Many of today’s planners and accountants are poorly prepared to help their clients through changes in IRA tax and retirement rules, said IRA and tax expert Ed Slott.
That’s because until recent years, long-standing conventional wisdom in tax planning has been to delay taking taxable income or distributions for as long as possible, Slott, president of Ed Slott & Co., said yesterday at Financial Advisor’s Next Chapter—ReThinking Retirement virtual conference. Today’s retirement rules and proposed changes in tax laws create greater incentive to take income and pay taxes sooner than later, he said.
“We were trained from the first days of college, hard-wired from our first accounting class, to always defer income, put it off, defer, defer, defer—that was the game,” said Slott. “But when the Roth came out, I became a recovering accountant. I believe in paying taxes at the lowest possible rate. That is how you always end up with more.”
Most people should consider paying income taxes now on assets in their tax-deferred accounts, like traditional IRAs, to convert those assets to a Roth IRA, since taxes are likely to go up in the future, Slott said.
But others have argued that there is an opportunity cost to taking money out of a tax-deferred retirement account for expenses or to convert it to a Roth IRA, he said.
“But there isn’t, and it can be proven mathematically,” said Slott. “If the effective tax rate now and the effective tax rate later are the same, then the cost is exactly the same. If rates go up, the Roth IRA benefit takes off: It pays to pay some tax now to have more money later, whether you rip the Band-Aid off and do it all or do it partially each year.”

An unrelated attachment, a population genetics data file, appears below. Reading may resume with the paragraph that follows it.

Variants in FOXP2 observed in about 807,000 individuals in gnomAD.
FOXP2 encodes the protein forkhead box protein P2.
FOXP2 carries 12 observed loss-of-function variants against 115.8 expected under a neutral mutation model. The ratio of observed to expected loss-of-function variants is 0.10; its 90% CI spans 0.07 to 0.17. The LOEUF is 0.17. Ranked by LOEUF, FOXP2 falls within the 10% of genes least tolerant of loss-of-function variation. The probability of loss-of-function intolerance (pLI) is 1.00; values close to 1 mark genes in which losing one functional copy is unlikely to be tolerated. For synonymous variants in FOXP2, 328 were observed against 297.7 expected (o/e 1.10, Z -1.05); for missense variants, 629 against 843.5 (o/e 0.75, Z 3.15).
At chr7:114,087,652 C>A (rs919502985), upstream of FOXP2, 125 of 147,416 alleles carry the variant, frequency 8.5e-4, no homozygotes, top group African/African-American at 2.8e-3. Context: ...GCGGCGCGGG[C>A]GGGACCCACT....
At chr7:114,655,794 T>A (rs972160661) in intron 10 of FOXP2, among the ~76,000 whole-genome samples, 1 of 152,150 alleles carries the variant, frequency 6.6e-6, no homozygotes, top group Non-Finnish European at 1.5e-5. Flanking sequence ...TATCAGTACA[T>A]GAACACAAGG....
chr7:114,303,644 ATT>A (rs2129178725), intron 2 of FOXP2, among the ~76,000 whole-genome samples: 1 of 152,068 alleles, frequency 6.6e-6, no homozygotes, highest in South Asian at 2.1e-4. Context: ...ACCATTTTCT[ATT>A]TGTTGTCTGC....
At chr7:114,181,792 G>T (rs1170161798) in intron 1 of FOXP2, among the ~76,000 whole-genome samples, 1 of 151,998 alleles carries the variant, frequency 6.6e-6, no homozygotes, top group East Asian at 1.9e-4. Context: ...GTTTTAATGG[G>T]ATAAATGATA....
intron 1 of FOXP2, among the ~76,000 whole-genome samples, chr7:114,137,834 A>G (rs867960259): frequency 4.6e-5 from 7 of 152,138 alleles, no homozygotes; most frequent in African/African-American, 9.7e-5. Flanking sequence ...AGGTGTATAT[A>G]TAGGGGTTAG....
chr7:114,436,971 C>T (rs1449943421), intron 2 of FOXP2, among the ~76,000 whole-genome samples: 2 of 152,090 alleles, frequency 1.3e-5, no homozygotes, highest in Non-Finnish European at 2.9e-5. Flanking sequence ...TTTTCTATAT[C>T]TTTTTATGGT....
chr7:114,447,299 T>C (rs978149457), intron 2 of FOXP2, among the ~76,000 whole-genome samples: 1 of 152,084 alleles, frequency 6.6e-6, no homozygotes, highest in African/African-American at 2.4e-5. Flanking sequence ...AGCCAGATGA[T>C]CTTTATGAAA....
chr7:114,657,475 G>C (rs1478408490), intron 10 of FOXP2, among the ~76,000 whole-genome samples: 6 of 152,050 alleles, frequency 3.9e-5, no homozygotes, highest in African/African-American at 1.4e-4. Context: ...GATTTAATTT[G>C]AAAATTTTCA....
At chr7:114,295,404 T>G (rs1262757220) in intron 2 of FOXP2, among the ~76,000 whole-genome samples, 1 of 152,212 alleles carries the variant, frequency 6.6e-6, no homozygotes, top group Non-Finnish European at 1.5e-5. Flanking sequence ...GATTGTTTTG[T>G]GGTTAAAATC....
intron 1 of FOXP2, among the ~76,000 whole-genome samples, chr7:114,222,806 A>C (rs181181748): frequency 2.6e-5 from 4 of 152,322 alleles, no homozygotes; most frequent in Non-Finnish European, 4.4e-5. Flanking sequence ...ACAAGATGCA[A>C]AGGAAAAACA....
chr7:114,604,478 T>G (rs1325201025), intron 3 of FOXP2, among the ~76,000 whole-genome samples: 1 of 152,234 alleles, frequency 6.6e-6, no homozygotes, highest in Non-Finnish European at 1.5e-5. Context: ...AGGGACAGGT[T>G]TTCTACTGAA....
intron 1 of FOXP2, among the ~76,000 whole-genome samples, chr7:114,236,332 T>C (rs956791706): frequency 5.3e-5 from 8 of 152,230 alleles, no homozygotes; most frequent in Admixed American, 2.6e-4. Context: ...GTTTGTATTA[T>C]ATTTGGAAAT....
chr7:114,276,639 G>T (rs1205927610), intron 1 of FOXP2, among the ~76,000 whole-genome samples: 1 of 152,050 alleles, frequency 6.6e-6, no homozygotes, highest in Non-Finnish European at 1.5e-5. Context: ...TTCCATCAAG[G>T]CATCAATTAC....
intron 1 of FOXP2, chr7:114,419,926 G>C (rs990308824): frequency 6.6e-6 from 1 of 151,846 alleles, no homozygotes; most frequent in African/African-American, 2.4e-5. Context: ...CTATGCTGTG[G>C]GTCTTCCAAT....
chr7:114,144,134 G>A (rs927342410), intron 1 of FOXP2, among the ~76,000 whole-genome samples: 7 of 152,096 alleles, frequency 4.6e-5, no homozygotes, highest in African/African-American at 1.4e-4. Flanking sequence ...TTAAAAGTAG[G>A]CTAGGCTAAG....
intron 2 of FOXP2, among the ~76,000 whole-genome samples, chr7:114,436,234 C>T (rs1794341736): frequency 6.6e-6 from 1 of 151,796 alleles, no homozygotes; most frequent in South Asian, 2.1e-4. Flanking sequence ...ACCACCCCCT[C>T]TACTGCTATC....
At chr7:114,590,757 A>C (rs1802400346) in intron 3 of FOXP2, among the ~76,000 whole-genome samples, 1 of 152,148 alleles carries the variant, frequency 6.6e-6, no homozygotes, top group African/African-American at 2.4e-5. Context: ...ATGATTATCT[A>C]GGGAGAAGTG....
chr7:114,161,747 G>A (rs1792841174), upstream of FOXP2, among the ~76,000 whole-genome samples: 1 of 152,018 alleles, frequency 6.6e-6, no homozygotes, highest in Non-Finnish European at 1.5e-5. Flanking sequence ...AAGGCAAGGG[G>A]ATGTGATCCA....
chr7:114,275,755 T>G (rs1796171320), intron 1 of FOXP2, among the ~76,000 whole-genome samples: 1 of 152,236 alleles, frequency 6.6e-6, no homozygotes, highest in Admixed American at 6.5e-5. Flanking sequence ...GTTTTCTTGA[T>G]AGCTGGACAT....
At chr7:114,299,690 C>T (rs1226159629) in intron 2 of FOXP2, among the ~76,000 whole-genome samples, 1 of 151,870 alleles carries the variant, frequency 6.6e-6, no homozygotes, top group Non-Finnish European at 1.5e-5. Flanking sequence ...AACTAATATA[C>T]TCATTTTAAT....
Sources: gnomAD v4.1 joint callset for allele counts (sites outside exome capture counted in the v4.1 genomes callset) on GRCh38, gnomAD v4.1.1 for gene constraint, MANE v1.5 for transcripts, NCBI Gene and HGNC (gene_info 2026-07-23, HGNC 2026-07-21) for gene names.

The exception, according to Slott, is if someone will be taxed at a lower rate in the future than they are now. But even if that ends up being the case, clients win a “consolation prize” of being able to take distributions tax-free from their Roth accounts.
Slott urged advisors not to frame Roth IRA conversions in terms of market performance, encouraging conversions after a decline in market performance.
“You can’t time a Roth conversion,” he said. “It’s a long-term proposition, and that’s how advisors have to look at them—a long-term planning vehicle for retirement or even for beyond, for estate planning.”
For married couples, there is even more value in Roth IRA conversions, as any surviving spouse will be faced with the prospect of paying income taxes as a single filer in the future, Slott added.
Converting money out of traditional IRAs has become even more important as a strategy since 2019’s SECURE Act ended most use-cases for the “stretch IRA” estate planning strategy, greatly reducing the value of traditional IRAs as wealth transfer vehicles. Under the stretch IRA strategy, the calculations for required minimum distributions from an inherited IRA could be stretched across a beneficiary’s life expectancy, leading to a lower annual income tax bill.